HEAD OF INTERNATIONAL SLAVERY MUSEUM APPOINTED FOR LIVERPOOL
National Museums Liverpool are delighted to announce the appointment of Richard Benjamin to the position of Head of International Slavery Museum. In this crucial role Richard will play a key part in the development of the new museum, due to open in 2007, the bicentenary of the abolition of the British Slave Trade.
Formerly the Community Consultation Co-ordinator for National Museums Liverpool, Richard has recently completed a PhD in Archaeology and throughout his career has combined academic research with community work to provide wide-ranging experience ideal for the role.
Having undertaken a visiting research scholarship at the WEB DuBois Institute of African and African American Research, Harvard University in 2002 Richard went on to become a Widening Participation Officer at the University of Liverpool where he worked with black and minority ethnic communities to provide routes to education.
David Fleming, Director of National Museums Liverpool, said ‘The combination of Richard’s academic background, his ongoing links with the community and his engaging inter-personal skills made him a great prospect for this challenging position.’
Richard Benjamin, Head of International Slavery Museum, said of his appointment ‘I am extremely proud to be given the opportunity of heading this world class museum and research centre which looks at both the historical and contemporary aspects of slavery. I aim to make the museum a valuable resource for the local community, as well as visitors from elsewhere, which not only acts as an instrument of education but as a tool of social change to challenge many of the misconceptions generally held towards the subject of slavery and its legacy.’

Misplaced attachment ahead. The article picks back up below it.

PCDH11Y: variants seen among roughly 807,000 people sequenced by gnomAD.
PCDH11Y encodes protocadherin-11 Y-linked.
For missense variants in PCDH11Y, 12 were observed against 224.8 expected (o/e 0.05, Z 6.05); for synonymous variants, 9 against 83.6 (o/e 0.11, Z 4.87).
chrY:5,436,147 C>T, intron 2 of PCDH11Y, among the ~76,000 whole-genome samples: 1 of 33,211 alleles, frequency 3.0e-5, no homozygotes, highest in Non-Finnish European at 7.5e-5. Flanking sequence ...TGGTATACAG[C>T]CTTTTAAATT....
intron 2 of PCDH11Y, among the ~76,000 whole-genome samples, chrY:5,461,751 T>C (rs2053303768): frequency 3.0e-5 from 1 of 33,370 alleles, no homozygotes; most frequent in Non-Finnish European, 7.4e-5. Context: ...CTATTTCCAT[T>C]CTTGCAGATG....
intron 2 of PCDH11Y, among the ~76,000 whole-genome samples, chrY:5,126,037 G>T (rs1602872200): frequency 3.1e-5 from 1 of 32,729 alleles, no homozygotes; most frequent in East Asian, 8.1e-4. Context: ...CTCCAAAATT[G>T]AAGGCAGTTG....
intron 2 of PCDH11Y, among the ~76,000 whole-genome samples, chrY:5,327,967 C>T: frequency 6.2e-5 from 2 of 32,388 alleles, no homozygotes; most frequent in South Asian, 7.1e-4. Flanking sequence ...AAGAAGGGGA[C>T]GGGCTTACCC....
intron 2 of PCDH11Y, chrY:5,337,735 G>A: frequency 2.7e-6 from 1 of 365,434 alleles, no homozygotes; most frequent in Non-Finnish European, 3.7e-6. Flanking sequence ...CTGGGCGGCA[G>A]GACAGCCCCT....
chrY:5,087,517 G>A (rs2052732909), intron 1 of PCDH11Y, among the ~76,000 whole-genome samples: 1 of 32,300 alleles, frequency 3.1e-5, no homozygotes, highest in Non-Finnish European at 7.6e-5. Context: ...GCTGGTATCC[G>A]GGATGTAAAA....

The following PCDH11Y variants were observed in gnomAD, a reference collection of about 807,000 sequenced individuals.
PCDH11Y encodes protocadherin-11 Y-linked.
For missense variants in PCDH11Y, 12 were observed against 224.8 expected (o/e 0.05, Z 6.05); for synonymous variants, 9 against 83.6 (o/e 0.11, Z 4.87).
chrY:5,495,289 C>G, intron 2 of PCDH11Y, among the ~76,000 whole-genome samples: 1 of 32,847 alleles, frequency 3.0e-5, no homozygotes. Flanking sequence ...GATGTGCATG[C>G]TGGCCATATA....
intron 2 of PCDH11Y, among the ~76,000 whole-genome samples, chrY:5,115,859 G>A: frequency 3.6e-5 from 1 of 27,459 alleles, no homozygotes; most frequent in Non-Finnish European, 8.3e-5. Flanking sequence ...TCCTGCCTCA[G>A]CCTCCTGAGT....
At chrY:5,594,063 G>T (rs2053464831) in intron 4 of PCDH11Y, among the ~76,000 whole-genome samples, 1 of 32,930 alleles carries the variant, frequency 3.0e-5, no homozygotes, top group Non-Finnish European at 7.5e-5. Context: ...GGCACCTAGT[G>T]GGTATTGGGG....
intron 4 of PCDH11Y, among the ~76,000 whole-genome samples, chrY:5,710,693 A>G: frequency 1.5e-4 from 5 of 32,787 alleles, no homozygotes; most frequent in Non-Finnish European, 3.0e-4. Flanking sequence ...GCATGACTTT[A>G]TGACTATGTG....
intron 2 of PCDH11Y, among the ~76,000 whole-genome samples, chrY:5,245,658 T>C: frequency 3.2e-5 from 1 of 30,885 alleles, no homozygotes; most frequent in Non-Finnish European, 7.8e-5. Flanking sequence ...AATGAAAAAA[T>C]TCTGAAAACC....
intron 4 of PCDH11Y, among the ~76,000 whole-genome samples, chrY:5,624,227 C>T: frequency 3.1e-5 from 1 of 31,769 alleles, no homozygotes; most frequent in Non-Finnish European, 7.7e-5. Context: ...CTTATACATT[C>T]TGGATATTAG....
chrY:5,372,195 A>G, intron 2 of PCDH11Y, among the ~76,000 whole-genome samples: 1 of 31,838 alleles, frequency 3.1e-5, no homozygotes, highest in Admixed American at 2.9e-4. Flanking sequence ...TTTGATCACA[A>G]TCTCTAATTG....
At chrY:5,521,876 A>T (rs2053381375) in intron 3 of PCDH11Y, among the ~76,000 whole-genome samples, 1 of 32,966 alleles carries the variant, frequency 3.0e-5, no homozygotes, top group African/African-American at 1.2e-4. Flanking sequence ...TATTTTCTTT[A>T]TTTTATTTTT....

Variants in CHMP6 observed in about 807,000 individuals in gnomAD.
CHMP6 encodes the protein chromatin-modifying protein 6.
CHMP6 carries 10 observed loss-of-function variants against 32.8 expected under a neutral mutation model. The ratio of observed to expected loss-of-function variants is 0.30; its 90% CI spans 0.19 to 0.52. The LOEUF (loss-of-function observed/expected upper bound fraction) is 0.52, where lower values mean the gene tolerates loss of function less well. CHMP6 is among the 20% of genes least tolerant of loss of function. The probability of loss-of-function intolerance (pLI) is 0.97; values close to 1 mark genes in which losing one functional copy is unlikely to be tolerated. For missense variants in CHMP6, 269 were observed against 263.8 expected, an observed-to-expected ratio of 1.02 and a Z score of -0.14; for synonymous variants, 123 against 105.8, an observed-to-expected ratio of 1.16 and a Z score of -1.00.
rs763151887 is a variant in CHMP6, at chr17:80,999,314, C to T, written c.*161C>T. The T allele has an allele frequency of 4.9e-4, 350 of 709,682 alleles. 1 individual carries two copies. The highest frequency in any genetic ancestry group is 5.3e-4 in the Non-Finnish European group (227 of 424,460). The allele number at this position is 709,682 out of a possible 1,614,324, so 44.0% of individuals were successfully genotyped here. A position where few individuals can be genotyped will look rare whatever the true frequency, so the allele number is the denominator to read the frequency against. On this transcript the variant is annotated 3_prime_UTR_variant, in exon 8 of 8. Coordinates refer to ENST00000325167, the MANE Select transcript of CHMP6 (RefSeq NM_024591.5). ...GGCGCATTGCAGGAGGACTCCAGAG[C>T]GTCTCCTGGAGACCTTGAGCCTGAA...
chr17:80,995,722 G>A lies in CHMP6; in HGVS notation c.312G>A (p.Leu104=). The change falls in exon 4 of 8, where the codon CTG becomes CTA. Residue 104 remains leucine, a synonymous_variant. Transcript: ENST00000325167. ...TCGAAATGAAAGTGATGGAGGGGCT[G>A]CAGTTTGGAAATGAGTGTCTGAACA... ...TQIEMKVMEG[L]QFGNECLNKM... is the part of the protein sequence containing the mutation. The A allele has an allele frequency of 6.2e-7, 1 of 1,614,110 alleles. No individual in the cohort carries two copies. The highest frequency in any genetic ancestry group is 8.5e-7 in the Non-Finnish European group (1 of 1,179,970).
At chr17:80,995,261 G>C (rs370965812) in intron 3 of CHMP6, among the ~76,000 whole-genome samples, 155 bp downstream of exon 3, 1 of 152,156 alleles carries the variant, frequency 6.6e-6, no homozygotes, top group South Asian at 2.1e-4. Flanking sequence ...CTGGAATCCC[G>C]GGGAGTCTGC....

To commemorate the bicentenary year National Museums Liverpool is creating a new International Slavery Museum in Liverpool, which will build on the groundbreaking Transatlantic Slavery Gallery in the Merseyside Maritime Museum in Liverpool, opened by Dr Maya Angelou in 1994.
The galleries of the museum will open on Slavery Remembrance Day 2007 (23 August) a day that commemorates an uprising of the enslaved Africans on the island of St Domingo (modern Haiti and the Dominican Republic) in 1791. Designated by UNESCO, the date was chosen as a reminder that enslaved Africans were the main agents of their own liberation.
Liverpool was once Europe’s capital of the transatlantic slave trade in the late 18th Century and grew rich on the profits of trading in enslaved people. It is therefore fitting that this subject should be marked and explored in the city.
The museum galleries will feature new dynamic and thought-provoking displays about the story of the transatlantic slave trade. Crucially, it will include new displays about the legacy of transatlantic slavery and will address issues such as freedom, identity, human rights, reparation claims, racial discrimination and cultural change.
The project will include the development of a new visitor-focused resource centre with an events programme of performance, public lectures and debate using the newly-acquired Dock Traffic Office. A research institute based in the museum is being developed in partnership with the University of Liverpool.
To commemorate 2007 there will be a full programme of events and activities ranging from a series of debates to a schools twinning programme.